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Feb. 15, 2022, is new disaster tax deadline for Hurricane Ida victims in 6 states

Ida_2021_track_Wikipedia tropical cyclone tracker_US crop
The deadly and destructive effects of Hurricane Ida, a Category 4 storm that was the second-most damaging and intense ever to make landfall in Louisiana, weren't limited to the Pelican State. Ida's remnants also caused widespread tornadic destruction and catastrophic flooding across the northeastern United States. You can see Ida's complete path and intensity levels at Fleur DeOdile's WikiProject tropical cyclones tracker.

Apparently, the Internal Revenue Service also is feeling the Christmas/New Year crunch. The tax agency is giving taxpayers (and its staff) some end-of-year breathing room by further extending some Hurricane Ida tax deadlines beyond early 2022.

Victims of Hurricane Ida in six states who were looking at Jan. 3, 2022, deadlines now have until Feb. 15 next year to file various individual and business tax returns and make tax payments, the IRS announced today.

This longer tax timeframe covers the entire states of Louisiana and Mississippi, as well as parts of New York, New Jersey, Connecticut, and Pennsylvania.

The updated relief postpones various tax filing and payment deadlines that occurred starting on dates that vary by state. They are —

  • Aug. 26, 2021, for Louisiana,
  • Aug. 28, 2021, for Mississippi,
  • Aug. 31, 2021, for Pennsylvania, and
  • Sept. 1, 2021, for New York, New Jersey and Connecticut.

Feb. 15 tax extension: But one date is the same for all affected by the IRS relief in these six states. The taxpayers, both as individuals and business owners, now have until Feb. 15, 2022, to file returns and pay any taxes that were originally due during this period.

This added six weeks is of particular note to individuals who earlier this year got an extension to file their 2020 return. That deadline was Oct. 15, but filers on extension in the six states tapped today now have the new mid-February deadline to finally file those forms.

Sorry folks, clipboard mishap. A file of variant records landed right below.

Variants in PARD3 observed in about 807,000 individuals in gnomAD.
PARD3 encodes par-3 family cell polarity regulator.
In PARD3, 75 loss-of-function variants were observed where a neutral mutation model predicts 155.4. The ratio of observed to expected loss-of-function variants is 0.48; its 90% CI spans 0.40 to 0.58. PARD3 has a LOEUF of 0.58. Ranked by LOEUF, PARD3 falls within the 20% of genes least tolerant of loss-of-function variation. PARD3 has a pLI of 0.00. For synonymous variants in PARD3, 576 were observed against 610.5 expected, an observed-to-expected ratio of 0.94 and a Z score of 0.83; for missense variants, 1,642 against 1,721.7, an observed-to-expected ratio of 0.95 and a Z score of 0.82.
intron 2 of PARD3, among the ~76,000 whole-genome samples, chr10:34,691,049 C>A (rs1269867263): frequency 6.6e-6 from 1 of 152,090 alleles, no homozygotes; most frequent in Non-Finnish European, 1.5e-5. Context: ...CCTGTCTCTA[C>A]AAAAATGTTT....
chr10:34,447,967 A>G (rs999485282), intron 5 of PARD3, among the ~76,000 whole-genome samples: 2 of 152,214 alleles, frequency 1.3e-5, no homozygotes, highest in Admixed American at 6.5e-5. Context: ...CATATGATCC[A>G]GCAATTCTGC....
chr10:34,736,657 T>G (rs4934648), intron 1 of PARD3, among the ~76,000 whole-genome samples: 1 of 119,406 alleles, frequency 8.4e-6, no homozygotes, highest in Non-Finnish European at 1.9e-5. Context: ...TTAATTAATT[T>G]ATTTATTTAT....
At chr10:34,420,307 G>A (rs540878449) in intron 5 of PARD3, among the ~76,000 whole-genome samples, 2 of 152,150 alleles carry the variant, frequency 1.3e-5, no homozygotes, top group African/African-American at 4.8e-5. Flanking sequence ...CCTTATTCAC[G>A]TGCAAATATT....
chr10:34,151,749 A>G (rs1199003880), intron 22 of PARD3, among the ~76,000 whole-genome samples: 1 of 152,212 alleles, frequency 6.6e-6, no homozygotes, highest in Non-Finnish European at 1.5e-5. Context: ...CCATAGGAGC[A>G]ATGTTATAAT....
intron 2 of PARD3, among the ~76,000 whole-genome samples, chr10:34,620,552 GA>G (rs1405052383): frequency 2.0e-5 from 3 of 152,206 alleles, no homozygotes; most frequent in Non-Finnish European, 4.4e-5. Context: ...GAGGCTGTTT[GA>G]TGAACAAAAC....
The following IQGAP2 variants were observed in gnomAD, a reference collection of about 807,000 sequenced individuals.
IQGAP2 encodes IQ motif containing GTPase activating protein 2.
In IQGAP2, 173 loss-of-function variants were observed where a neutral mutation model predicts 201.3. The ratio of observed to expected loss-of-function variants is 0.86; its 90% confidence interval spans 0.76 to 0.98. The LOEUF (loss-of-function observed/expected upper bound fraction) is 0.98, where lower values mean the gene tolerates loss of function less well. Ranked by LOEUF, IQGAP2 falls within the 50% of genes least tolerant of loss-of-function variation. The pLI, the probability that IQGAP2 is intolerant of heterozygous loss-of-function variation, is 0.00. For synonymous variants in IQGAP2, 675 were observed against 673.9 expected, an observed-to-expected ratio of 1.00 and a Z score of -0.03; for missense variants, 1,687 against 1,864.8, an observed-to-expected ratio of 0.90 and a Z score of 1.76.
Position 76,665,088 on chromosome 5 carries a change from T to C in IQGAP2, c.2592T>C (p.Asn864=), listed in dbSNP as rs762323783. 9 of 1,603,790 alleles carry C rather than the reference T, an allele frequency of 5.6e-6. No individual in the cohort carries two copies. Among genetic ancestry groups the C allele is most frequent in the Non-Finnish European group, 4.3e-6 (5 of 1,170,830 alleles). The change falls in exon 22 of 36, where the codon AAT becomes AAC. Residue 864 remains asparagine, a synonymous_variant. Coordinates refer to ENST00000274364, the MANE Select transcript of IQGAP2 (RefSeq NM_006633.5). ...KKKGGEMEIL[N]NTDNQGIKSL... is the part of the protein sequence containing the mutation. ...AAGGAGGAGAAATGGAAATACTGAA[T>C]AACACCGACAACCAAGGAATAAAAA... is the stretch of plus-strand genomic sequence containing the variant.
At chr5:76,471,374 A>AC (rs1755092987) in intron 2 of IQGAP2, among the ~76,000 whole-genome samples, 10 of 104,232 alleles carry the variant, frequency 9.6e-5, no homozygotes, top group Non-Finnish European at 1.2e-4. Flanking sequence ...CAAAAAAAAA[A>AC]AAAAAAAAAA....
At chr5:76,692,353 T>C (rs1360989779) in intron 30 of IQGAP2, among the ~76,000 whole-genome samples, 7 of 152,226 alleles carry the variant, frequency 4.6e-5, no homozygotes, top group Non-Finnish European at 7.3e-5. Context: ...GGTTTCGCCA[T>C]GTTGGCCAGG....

This extra time can help if they plan to claim any eligible Hurricane Ida losses on their 2020 return. You can read more about this disaster loss tax year claim option in my post on what to consider when making a major disaster tax claim.

Other deadlines delayed: The Feb. 15 extended deadline also applies to quarterly estimated income tax payments that were due on Sept. 15, 2021, and scheduled for Jan. 18, 2022.

The IRS says that taxpayers in these six state areas can skip making their estimated tax payments for both the third and fourth quarters of 2021 and instead include them when they file their 2021 return next April.

However, as I noted in my recent disaster relief posts for Kentucky and Illinois and Tennessee taxpayers, that 2021 filing could put a big dent in bank accounts.

If these folks also make 2022 estimated tax payments, then the April 2022 total due the U.S. Treasury could mean they might have to come up four payments: extended 2021 3rd and 4th quarter amounts, plus the first 1040-ES payment for 2022, and any tax owed in connection with their 2021 tax year returns.

Be aware of this potential financial hit and make any payment arrangements as early as you can.

Business filing changes: The Feb. 15 deadline also applies to the quarterly payroll and excise tax returns that businesses normally must file by Nov. 1, 2021, and Jan. 31, 2022.

Businesses with an original or extended due date also have the additional time including, among others, calendar-year partnerships and S corporations whose 2020 extensions ran out on Sept. 15, 2021, and calendar-year corporations whose 2020 extensions ran out on Oct. 15, 2021.

This extension also applies to calendar-year tax-exempt organizations whose 2020 extensions ran out on Nov. 15, 2021.

Prior tax guidelines still apply: The standard IRS approach to these extended extensions still applies. Notably —

  • The disaster tax relief is automatic for taxpayers with whose addresses in the agency's database are in the affected areas.
  • If you get a late notice anyway, call the phone number on the notice to get any penalty abated.
  • Individuals who are in the disaster areas assisting with relief activities provided by recognized government or philanthropic organization also are eligible for the tax relief.

You can read more about these circumstances in my original disaster relief posts for Connecticut, Louisiana, Mississippi, New York, New Jersey, and Pennsylvania.

You also can get updated disaster tax relief information at IRS.gov's Around the Nation section of its disaster relief page, read more on disaster tax deduction claims in IRS Publication 547, find out about other government recovery help at DisasterAssistance.gov, and get general disaster tax relief information at these blog posts and pages:

 

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